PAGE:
After adjusting for other CVD risk factors (e.g., smoking, obesity, hypertension and early-stage renal disease), patients who carried one or more RV had a 3.1-fold increased risk of CVD (P=0.03) with the strongest association with total atherosclerotic disease (odds ratio [OR] of 6.9) and symptomatic disease (OR of 4.8).
When taken together, these results show the APOL1 risk variant is associated with prevalent CVD in this cohort of African Americans with SLE, said Dr. Blazer. “This suggests that SLE may be an important second hit in the relationship between APOL1 RV and CVD,” she said.
Simple Test for SLE Disease Activity Status
Chaim Putterman, MD, a clinical rheumatologist at the Albert Einstein College of Medicine, The Bronx, N.Y., described a simple test for assessing and monitoring SLE disease activity. The need for such a test, he said, is highlighted by the less-than-optimal tests currently used to assess disease activity. These tests make it challenging to predict and promptly identify and treat disease flares to reduce SLE-related morbidity and mortality. “Therefore, sensitive and specific diagnosis of disease activity remains an important unmet clinical need,” he said.
The simple test Dr. Putterman described employs immunosignature technology (IST) developed by the San Ramon, Calif., biotechnology company HealthTell Inc. The test uses assays to measure serum antibodies bound to a microarray of about 126,000 unique peptides to provide a broad sample. Statistical analysis of this sample is done to identify peptide features with binding intensities that are significantly different in persons with active vs. inactive SLE.
To evaluate the utility of the test, Dr. Putterman—who is a research collaborator and consultant at HealthTell—and his colleagues undertook a study to test the hypotheses on two points: that 1) the antibody profile of a patient with SLE identified with IST would reflect disease activity better than individual biomarkers, and 2) it may be possible to use changes in antibody profiles to monitor changes in disease activity.3
Testing these hypotheses in a sample of 183 SLE patients with varying disease activity, the investigators found that the measurements obtained by the IST were able to distinguish between patients with active disease and those in remission. In addition, the study found that changes in IST measurements between clinical visits successfully modeled changes in disease activity as measured by the SLE Disease Activity Index (SLEDAI), said Dr. Putterman.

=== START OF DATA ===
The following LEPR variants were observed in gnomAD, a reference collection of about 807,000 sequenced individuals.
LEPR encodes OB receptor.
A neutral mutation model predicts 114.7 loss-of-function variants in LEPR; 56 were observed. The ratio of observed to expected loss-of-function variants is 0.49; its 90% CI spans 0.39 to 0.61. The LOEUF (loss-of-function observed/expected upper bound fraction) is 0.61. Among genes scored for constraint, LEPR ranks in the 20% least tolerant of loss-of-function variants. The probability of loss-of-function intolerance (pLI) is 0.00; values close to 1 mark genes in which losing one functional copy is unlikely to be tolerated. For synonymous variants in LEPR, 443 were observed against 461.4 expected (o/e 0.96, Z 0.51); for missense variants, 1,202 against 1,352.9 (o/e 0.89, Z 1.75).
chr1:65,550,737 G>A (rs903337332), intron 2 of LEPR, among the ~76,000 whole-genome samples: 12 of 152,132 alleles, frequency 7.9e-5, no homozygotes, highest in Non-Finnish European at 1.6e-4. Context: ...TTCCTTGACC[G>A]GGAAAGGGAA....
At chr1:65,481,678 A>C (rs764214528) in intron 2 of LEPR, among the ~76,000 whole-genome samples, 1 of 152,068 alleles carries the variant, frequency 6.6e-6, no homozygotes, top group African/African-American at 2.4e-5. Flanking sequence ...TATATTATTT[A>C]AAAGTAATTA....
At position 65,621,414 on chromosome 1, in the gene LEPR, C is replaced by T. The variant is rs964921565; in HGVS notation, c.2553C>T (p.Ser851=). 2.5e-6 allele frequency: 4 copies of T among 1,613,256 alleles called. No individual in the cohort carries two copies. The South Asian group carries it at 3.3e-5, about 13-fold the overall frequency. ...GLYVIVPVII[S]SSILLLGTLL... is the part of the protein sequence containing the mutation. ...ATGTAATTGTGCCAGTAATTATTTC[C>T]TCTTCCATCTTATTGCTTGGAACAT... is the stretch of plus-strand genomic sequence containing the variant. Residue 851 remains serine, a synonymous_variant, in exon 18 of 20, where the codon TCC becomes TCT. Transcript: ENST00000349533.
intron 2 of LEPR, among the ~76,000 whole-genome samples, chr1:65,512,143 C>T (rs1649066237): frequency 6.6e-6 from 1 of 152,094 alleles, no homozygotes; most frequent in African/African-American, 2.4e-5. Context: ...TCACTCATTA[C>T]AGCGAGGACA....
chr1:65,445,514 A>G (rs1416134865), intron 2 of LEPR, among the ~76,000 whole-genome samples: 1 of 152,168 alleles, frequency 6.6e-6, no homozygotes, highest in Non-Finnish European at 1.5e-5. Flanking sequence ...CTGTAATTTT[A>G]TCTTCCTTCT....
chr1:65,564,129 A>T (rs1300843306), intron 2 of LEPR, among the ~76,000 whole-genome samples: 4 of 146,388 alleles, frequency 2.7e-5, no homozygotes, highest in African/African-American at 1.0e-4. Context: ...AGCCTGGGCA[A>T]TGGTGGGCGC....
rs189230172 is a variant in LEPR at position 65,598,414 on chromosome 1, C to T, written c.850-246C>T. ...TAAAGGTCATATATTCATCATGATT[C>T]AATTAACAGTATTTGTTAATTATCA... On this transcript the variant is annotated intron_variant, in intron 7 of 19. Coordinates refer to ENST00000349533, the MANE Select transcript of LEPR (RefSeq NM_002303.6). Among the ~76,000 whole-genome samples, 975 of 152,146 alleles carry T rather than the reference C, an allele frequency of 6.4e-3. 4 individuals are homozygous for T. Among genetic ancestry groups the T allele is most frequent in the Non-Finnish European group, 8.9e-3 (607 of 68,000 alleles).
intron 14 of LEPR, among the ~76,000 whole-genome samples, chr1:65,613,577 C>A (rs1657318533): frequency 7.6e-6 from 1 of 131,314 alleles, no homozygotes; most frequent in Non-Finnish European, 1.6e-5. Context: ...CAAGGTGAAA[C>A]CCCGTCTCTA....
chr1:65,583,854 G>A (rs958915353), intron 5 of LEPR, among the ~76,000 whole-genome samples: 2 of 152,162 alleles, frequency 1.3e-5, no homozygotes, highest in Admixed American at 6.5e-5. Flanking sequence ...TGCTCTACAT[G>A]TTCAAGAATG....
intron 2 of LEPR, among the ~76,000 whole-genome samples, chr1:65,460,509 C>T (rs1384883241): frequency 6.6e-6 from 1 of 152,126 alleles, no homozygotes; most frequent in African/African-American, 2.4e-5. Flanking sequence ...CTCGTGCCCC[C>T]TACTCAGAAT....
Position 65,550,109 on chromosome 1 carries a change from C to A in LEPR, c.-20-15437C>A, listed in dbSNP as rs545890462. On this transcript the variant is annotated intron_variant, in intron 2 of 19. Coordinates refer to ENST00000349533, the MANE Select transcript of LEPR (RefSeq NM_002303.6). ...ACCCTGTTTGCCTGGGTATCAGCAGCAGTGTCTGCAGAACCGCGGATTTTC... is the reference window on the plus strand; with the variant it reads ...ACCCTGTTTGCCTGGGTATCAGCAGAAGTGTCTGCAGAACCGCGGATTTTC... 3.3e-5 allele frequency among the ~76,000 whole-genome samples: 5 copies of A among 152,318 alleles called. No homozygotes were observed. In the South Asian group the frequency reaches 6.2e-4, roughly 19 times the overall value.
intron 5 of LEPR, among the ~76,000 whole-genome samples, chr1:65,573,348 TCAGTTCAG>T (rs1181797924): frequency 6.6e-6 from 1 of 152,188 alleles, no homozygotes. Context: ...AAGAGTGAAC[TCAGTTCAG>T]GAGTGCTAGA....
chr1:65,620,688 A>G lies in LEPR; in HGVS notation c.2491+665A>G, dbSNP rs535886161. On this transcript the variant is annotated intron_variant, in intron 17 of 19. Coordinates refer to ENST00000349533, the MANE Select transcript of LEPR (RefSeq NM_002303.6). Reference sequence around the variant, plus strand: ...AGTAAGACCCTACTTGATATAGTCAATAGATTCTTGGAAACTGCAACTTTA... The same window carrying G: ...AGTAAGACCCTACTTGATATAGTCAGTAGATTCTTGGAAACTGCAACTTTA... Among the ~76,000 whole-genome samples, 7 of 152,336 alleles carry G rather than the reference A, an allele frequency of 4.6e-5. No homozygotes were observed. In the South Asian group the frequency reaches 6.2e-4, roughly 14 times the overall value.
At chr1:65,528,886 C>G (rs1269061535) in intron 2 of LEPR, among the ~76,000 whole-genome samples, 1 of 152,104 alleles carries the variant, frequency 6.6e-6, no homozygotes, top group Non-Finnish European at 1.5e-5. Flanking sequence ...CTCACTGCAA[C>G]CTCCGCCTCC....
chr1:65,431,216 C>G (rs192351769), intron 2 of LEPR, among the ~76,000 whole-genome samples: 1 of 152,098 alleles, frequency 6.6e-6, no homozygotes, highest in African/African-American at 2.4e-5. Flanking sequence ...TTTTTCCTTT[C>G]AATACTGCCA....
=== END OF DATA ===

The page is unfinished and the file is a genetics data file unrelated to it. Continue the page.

Dr. Putterman also said that combining IST with traditional biomarkers (e.g., CS/C4, anti-DNA) further improved performance of the test.
“Simultaneously measuring antibody responses against thousands of peptides in SLE is feasible and can provide clinically actionable information,” said Dr. Putterman, highlighting that the IST technology has also shown promise in other autoimmune and autoinflammatory diseases.
“Future studies of the ImmunoSignature technology in SLE and other rheumatic diseases are intended to provide better diagnostic management tools for the rheumatologist,” he said. Upcoming studies also will look at the potential use of this technology to measure response to therapy and in the prediction of adverse drug effects.
Mary Beth Nierengarten is a freelance medical journalist based in Minneapolis.
- Purmalek M, Sakhardande S, Temesgen-Oyelakin Y, et al. Neutrophil subsets, arterial inflammation, and vascular stiffness in patients with systemic lupus erythematosus [abstract 3102]. Arthritis Rheumatol. 2016;68(suppl 10).
- Blazer A, Clancy RM, Belmont HM, et al. Apolipoprotein L1 risk variants associate with prevalent cardiovascular disease in African American systemic lupus erythematous patients [abstract 3103]. Arthritis Rheumatol. 2016;68(suppl 10).
- Putterman C, Rowe M, Legutki JB, et al. A simple test for assessing and monitoring SLE disease activity status [abstract 3106]. Arthritis Rheumatol. 2016;68(suppl 10).